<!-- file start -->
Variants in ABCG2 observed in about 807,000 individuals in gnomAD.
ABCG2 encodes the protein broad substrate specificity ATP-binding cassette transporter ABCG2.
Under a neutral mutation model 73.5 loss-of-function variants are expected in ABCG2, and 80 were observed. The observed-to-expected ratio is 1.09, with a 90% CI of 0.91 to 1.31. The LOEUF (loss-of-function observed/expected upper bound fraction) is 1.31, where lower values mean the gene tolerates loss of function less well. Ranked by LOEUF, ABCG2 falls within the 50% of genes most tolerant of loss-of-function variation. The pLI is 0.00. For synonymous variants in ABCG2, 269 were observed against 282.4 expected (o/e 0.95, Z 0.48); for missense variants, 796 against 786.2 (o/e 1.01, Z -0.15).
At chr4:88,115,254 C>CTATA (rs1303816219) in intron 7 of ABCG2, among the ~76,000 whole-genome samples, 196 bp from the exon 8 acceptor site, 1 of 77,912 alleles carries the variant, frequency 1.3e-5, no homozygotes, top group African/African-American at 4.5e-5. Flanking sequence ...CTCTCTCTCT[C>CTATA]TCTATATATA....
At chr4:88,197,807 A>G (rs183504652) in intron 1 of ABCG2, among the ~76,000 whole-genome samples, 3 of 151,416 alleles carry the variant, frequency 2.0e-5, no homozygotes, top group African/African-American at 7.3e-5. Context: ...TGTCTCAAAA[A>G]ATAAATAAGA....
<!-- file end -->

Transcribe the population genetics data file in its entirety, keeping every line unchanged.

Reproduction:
Variants in ABCG2 observed in about 807,000 individuals in gnomAD.
ABCG2 encodes the protein broad substrate specificity ATP-binding cassette transporter ABCG2.
Under a neutral mutation model 73.5 loss-of-function variants are expected in ABCG2, and 80 were observed. The observed-to-expected ratio is 1.09, with a 90% CI of 0.91 to 1.31. The LOEUF (loss-of-function observed/expected upper bound fraction) is 1.31, where lower values mean the gene tolerates loss of function less well. Ranked by LOEUF, ABCG2 falls within the 50% of genes most tolerant of loss-of-function variation. The pLI is 0.00. For synonymous variants in ABCG2, 269 were observed against 282.4 expected (o/e 0.95, Z 0.48); for missense variants, 796 against 786.2 (o/e 1.01, Z -0.15).
At chr4:88,115,254 C>CTATA (rs1303816219) in intron 7 of ABCG2, among the ~76,000 whole-genome samples, 196 bp from the exon 8 acceptor site, 1 of 77,912 alleles carries the variant, frequency 1.3e-5, no homozygotes, top group African/African-American at 4.5e-5. Flanking sequence ...CTCTCTCTCT[C>CTATA]TCTATATATA....
At chr4:88,197,807 A>G (rs183504652) in intron 1 of ABCG2, among the ~76,000 whole-genome samples, 3 of 151,416 alleles carry the variant, frequency 2.0e-5, no homozygotes, top group African/African-American at 7.3e-5. Context: ...TGTCTCAAAA[A>G]ATAAATAAGA....